The pet product that caught my eye this week is the Thundershirt - so named because it's claimed to calm a dog at times when it gets anxious, for example during thunder. If it does what is claimed, then a Thundershirt could be a boon for Connor - and maybe for many other dogs that get jumpy when faced with something that troubles them.
The Thundershirt is a Velcro-fastened jacket that puts a "gentle, constant pressure" on the dog's torso, calming and settling the dog. It's used to combat fearfulness, separation anxiety, problem barking and other troubles, and the makers say four out of five dogs show a significant improvement with the jacket.
The jacket is based on the finding that pressure calms the nervous system and can help ease anxiety - an insight that's used with autistic children and kids with certain behavioural problems; swaddling a crying baby can also relieve its anxiety.
As chronicled on this blog for the past two years, Connor finds life a struggle. He was terrifically fearful when we got him at the age of 7 months, though he's a lot better now, after a lot of effort in training and socialising him. Still, though, the sight of another dog gets him worked into a lather, with barking and lunging the worst of the symptoms. If slipping on a jacket could calm that emotion, then his life would be less stressful - and so would ours.
So we might try a Thundershirt. If we do, I'll review it here on the blog. Has anyone tried it and formed an opinion about it?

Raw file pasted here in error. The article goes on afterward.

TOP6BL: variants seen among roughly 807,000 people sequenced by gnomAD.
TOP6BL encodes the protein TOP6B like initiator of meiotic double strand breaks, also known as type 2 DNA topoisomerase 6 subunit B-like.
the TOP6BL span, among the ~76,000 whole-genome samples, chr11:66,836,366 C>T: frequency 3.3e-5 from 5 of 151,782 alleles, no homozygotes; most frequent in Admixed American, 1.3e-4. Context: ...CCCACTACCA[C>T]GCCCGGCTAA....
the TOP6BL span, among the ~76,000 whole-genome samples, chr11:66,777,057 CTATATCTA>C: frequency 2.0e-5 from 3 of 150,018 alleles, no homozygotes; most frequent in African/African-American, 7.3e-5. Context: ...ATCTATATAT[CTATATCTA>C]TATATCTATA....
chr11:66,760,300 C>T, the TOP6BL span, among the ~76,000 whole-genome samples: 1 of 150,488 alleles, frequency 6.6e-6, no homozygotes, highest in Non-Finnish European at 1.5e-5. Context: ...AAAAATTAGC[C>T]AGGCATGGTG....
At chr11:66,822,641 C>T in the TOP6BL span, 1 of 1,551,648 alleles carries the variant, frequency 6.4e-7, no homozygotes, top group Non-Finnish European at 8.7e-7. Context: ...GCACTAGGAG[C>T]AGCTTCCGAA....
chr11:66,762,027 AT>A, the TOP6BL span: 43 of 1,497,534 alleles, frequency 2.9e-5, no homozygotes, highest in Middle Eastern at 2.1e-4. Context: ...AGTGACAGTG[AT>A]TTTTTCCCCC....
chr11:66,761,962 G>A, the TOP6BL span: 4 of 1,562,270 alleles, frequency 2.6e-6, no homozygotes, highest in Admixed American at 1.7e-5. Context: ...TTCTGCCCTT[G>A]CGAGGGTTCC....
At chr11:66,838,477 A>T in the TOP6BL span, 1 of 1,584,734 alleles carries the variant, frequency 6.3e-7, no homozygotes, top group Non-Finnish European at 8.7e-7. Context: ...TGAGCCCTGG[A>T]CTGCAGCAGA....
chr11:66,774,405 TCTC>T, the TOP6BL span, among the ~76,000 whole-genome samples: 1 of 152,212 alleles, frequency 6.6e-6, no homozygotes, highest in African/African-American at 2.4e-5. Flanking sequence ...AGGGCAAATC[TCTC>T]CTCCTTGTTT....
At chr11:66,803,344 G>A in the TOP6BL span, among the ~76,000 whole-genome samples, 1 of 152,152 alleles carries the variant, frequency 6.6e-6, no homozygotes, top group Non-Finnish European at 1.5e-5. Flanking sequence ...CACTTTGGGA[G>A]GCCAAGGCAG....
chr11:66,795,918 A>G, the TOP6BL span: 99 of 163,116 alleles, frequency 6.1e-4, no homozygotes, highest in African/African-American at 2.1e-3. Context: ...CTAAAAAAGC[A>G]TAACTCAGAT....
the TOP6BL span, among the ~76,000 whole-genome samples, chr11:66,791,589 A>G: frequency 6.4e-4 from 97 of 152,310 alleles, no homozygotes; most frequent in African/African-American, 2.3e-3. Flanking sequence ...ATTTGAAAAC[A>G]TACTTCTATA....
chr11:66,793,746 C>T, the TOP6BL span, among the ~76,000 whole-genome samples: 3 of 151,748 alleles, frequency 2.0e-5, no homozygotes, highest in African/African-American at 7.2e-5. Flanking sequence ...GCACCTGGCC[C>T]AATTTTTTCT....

Connor is actually showing some signs of improvement. At Sunday's meeting of the local small-dog playgroup, he spent the first half of the session fixated on a grey-blue poodle, barking at it and trying to lunge at it. We walked him around the inside of the church hall where the group meets, allowing him to see all the dogs but taking him away when he reacted to the poodle.
I "heeled' him a couple of times and he sat quietly at my feet. Then, as though a switch had been flipped, he changed. He started noticing his surroundings, the others in the hall, my partner standing at the other end of it. Connor took a drink from a bowl and seemed more his normal self.
So we let him off his leash and ... he was fine. He was blessedly, sigh-promptingly, unprecedentedly fine. He just trotted around, taking the odd look at the poodle then withdrawing, looking to us for praise for being so well behaved. Maybe he'd just run out of gas; maybe it was the calmer energy that all the other dogs were exuding. Whatever it was, we've never seen him so calm around so many other dogs. It's hard, tiring, patience-testing work, but the long drive to socialise Connor and make the world less stressful for him seems to be paying off.
And speaking of de-stressing and of garments, this is my chance to pay tribute to Four Legs Good reader Colleen, who took the time to design and knit jackets for my two dogs. I sent Colleen the measurements, and she created two elegant black garments that fit Phoebe and Connor perfectly. Connor gets a spiffing tuxedo complete with silk bowtie, while Phoebe now has an evening gown embroidered with pearls and monogrammed with a silver "P".
Connor, who usually hates being put into anything more constricting than a collar, took to his jumper immediately - it gives him all the range of movement he needs, including in his boy areas. And he looks like a little toff.
I'd hate to see the jumpers get mud on them, but I can think of one or two coming special events for which a touch of class will be needed, so the dogs will go into their bespoke evening-wear and no doubt cause jaws to drop.
Thank you, Colleen.
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